Just as an annual medical checkup is essential to ensure the body is healthy, a regular oral checkup is crucial to maintaining a healthy mouth and detecting any abnormalities. Regular screenings by your dentist should include an oral cancer screening which aims to discover cancer or precancerous signs early enough to be treated successfully. Oral cancer which can be quite dangerous if not treated at an early stage, making checkups extremely important. 

Risk Factors. Adults over the age of 20 should have an oral screening at least every three years, while adults over 40 should have one at their annual checkup. Individuals with risk factors, no matter the age, should be screened each year. 

There are multiple known risk factors of oral cancer, with smoking as the leading known cause. In fact, individuals who use smokeless tobacco such as chew or dip are also at a higher risk especially in areas of the cheek, lip lining or gums. Excessive alcohol consumption is another associated risk factor. Human papillomavirus, also known as HPV, is a sexually transmitted disease that has been linked to an increase risk of precancerous and cancerous oral lesions and cancer in the oropharynx. Another risk factor is excessive sun exposure, as this can lead to a higher risk of cancer in the lip lining/lip area. Therefore, it’s crucial to wear sunscreen. Lastly, a family history of oral cancer can be a risk factor as well. If possible, determine family history of any type of cancer, and provide this information to your medical and dental providers.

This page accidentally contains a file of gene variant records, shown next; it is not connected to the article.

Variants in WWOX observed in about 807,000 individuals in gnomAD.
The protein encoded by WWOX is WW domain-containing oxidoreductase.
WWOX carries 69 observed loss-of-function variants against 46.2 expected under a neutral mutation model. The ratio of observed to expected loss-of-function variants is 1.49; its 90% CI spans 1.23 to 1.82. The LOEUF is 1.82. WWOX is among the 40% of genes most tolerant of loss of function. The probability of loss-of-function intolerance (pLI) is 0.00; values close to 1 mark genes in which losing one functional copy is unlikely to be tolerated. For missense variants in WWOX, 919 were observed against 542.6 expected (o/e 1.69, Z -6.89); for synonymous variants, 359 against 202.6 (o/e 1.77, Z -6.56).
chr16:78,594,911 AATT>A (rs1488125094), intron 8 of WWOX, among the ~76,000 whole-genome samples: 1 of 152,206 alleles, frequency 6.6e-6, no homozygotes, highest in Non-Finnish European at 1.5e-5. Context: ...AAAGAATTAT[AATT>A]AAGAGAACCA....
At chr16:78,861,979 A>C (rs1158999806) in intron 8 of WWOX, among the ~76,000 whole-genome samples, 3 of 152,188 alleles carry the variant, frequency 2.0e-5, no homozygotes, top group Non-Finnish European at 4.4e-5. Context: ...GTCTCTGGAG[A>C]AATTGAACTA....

Signs. Oral cancer may or may not be associated with symptoms which may include pain upon swallowing, discoloration or patches in the oral cavity, and persistent sores or lumps. 

What does an oral cancer screening entail? A clinical exam of both the patient’s mouth and throat will be performed using a mirror and/or tongue depressor to look for abnormalities such as areas of discoloration, ulcerations, bumps/patches and swelling. All areas of the tongue, roof of the mouth, inner lining of the cheeks, tonsils and gums also will be examined. Additionally, the dentist will check your lymph nodes in the head and neck area and palpate the jaw for any unusual areas. If abnormal areas are found, the dentist will determine if it should just be monitored or sent out for a biopsy. Occasionally referrals will be made to an oral maxillofacial surgeon for further evaluation. 

How can you reduce your risks? Annual dental visits for routine checkups are the best way to minimize risk in addition to a healthy lifestyle. Limit smoking and alcohol intake and wear proper sun protection. Determine your risk factors and establish a schedule for regular oral cancer screenings. Lastly, conduct self-examinations and if an area looks suspicious or symptoms arise, contact your dentist for further evaluation. 

Sarah Khoshniyati (“Dr. Sarah”) is a dentist with Palm Desert Smiles and can be reached at (760) 568.3602. Visit www.PalmDesertSmiles.com.

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